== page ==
WASHINGTON – A judge's decision to punish five reporters for refusing to identify their sources for stories about nuclear scientist Wen Ho Lee (search) threatens to chill vital newsgathering at a time of increased government secrecy, advocates say.
U.S. District Judge Thomas Penfield Jackson (search) on Wednesday held the reporters in contempt and fined each of them $500 a day until they reveal their source. He said the information was needed for Lee, a former nuclear weapons scientist once suspected of spying, to litigate his privacy lawsuit against government officials.
Jackson said the fines would be suspended pending appeals. Attorneys for the journalists said they would appeal.
It is the second time in two weeks that a federal judge in Washington has found journalists in contempt of court after they declined to disclose sources. Last week, a Time magazine reporter was held in contempt as part of a grand jury probe into the leak of an undercover CIA (search) officer's identity.
"The threat to First Amendment (search) rights that's going on this summer is unprecedented," Lucy Dalglish, executive director of the Reporters Committee for the Freedom of the Press (search), said. "We have reporters being subpoenaed. We have judges issuing illegal prior restraints on the media.
"All this has to do with secrecy. The government is trying to keep more and more secrets all the time, and journalists are working harder to uncover those secrets. Given the terrorism climate, all this has come to a head," she said.
Jackson imposed the fine on Associated Press reporter H. Josef Hebert; James Risen and Jeff Gerth of The New York Times; Robert Drogin of the Los Angeles Times; and Pierre Thomas of ABC, who was at CNN when the stories were done.
Jackson avoided addressing the question of First Amendment rights, focusing more narrowly on whether the reporters complied with his October order to fully answer questions in depositions about their sources. He found they did not.
Lee is "not seeking to 'punish' the journalists for publishing the information; rather, he seeks an order of contempt because they will not reveal sources that they have been ordered to reveal," Jackson wrote in a 12-page opinion.
Lee is seeking the identity of the sources for his lawsuit against the Energy and Justice departments. He alleges the agencies gave reporters private information on him and suggested he was a suspect in an investigation into possible theft of secrets from Los Alamos National Laboratory (search) in New Mexico.
The reporters contend they provided all the relevant information they could without breaking a commitment to protect their sources.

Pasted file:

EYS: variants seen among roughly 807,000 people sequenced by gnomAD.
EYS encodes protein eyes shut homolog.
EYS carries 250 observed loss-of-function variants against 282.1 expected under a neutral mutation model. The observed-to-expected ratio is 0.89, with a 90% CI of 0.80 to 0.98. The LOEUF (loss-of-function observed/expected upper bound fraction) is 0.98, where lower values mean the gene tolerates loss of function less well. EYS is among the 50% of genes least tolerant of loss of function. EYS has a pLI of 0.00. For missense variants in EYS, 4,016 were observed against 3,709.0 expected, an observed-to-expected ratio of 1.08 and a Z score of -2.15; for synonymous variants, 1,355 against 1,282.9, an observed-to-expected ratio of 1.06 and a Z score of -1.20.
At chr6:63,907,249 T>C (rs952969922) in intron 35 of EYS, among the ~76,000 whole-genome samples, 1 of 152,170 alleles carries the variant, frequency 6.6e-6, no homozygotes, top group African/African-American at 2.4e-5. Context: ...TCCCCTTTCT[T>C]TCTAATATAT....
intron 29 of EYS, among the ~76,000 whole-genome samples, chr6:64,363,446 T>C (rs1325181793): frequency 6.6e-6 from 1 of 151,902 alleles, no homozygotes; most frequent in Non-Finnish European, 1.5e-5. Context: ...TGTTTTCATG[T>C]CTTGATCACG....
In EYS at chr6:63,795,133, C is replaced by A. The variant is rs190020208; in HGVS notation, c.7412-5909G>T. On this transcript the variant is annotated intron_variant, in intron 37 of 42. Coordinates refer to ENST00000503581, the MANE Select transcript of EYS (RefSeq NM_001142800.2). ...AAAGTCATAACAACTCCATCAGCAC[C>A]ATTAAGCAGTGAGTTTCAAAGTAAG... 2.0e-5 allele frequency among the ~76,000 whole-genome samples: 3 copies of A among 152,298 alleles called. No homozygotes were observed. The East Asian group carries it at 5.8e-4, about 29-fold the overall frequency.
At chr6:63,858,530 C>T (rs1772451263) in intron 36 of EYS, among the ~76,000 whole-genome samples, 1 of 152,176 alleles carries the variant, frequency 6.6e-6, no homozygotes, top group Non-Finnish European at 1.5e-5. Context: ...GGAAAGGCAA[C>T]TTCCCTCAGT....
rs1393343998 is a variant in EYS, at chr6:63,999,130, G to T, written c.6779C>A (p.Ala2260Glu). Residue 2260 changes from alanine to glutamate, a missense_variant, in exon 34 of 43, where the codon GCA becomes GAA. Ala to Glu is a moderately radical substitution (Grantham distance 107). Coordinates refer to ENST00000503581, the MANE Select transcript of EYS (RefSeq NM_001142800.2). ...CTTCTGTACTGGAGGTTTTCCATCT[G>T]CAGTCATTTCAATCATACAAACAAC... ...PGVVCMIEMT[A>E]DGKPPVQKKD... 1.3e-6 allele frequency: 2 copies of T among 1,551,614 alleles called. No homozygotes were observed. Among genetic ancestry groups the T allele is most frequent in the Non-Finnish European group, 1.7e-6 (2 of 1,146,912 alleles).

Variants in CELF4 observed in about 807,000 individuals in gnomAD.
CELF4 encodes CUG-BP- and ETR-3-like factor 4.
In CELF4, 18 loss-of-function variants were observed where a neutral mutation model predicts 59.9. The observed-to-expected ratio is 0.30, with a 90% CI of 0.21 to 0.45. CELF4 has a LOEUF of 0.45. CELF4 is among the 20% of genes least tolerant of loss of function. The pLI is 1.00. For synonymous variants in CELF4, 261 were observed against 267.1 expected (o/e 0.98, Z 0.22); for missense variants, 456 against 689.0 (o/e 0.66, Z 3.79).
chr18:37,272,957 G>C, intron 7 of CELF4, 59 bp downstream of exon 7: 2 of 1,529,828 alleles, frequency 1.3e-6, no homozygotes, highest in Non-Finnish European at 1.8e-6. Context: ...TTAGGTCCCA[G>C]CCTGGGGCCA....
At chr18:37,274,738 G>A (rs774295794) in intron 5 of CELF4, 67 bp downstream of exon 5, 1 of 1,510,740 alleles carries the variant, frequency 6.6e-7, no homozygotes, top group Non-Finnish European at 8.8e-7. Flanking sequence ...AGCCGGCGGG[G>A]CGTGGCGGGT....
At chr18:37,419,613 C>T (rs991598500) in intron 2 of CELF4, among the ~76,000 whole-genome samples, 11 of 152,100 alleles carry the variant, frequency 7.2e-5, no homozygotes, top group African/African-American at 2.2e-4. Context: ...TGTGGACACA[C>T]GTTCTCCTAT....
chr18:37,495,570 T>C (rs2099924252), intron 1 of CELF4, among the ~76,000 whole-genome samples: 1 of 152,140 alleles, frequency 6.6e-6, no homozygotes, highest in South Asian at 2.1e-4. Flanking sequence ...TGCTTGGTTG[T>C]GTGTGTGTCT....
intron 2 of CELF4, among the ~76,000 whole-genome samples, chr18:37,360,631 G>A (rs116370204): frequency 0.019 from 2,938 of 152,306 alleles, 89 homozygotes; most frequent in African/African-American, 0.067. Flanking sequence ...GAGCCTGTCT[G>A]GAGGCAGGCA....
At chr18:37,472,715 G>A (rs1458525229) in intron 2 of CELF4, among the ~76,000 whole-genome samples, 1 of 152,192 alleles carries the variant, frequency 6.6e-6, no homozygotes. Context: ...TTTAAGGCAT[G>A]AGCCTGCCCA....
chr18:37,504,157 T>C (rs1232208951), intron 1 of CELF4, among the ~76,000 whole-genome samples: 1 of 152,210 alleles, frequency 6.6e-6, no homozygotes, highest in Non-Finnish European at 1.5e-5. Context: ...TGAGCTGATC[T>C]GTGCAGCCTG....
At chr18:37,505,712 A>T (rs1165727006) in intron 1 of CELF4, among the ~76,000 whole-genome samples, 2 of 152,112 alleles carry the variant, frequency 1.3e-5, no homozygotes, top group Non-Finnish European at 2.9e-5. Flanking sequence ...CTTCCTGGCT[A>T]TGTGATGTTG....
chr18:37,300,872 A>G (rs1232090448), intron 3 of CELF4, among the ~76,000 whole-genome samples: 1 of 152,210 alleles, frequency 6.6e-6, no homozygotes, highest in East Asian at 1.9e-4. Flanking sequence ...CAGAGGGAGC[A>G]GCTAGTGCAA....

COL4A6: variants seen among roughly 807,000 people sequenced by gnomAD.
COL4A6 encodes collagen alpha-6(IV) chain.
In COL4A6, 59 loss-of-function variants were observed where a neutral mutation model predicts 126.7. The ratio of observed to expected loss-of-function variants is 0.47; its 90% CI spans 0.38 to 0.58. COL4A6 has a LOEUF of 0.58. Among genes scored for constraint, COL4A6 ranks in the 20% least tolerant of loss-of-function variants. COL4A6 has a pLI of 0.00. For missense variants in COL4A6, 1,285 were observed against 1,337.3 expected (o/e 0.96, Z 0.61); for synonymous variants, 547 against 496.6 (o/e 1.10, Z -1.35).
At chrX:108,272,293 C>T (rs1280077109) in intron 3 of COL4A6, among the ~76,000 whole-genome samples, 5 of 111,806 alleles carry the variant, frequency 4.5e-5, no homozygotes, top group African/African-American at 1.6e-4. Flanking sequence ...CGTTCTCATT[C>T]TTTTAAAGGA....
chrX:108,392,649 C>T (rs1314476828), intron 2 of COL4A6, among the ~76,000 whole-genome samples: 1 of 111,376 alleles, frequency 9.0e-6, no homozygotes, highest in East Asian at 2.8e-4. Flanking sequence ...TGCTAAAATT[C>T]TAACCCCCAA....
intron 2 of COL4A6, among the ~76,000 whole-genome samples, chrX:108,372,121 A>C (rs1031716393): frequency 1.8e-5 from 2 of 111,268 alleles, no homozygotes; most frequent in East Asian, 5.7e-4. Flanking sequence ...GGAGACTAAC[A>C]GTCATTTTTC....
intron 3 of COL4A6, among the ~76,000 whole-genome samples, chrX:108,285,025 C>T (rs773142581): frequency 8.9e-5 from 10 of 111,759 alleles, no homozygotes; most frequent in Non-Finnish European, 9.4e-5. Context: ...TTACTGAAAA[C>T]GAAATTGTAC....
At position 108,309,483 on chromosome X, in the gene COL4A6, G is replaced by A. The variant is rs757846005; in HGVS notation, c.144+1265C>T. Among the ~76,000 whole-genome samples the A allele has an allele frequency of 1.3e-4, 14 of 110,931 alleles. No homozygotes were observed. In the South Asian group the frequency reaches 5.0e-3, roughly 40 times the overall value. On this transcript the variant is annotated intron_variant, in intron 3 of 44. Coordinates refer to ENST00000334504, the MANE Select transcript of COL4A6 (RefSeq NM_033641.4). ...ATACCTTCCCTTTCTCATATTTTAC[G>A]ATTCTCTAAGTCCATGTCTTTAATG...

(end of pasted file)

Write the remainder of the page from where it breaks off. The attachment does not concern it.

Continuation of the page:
Lee was indicted in December 1999 on 59 felony counts alleging he mishandled nuclear weapons information. He was held in solitary confinement for nine months, then was released in September 2000 after pleading guilty to a single felony count. He was never charged with espionage, and then-President Clinton apologized for Lee's treatment.
Hebert, a 34-year AP veteran, said he was disappointed by Jackson's ruling.
"I believe strongly that when a reporter gives a source the assurance that his or her confidentiality will be protected, he cannot go back on his word," Hebert said. "To do so would be a disservice to the source, destroy the reporter's credibility with future sources and hinder essential newsgathering."
George Freeman, assistant general counsel for The New York Times, said, "The Times continues to believe, as we have for decades, that confidential sources are critical for us to give the public as broad a perspective as possible on the important issues of the day."
Los Angeles Times vice president Martha Goldstein said, "The ruling seriously jeopardizes the press's ability to report about our government's actions and the public's right to know."
At a hearing before the judge Wednesday, Lee's lawyer, Brian Sun, said learning the identities of the journalists' sources was critical to pursuing Lee's privacy action against government officials.
"Although the journalists would posit this as a battle of the First Amendment, we would submit it's not just that," Sun said. "It's undisputed that classified information was leaked and government officials acknowledged there were leaks. (Lee) is being deprived of crucial information."
Last week, U.S. District Judge Thomas Hogan in Washington held Time magazine reporter Matthew Cooper in contempt as part of the investigation into the leak of the identity of CIA officer Valerie Plame. Prosecutors have subpoenaed at least four other journalists, and Cooper is appealing.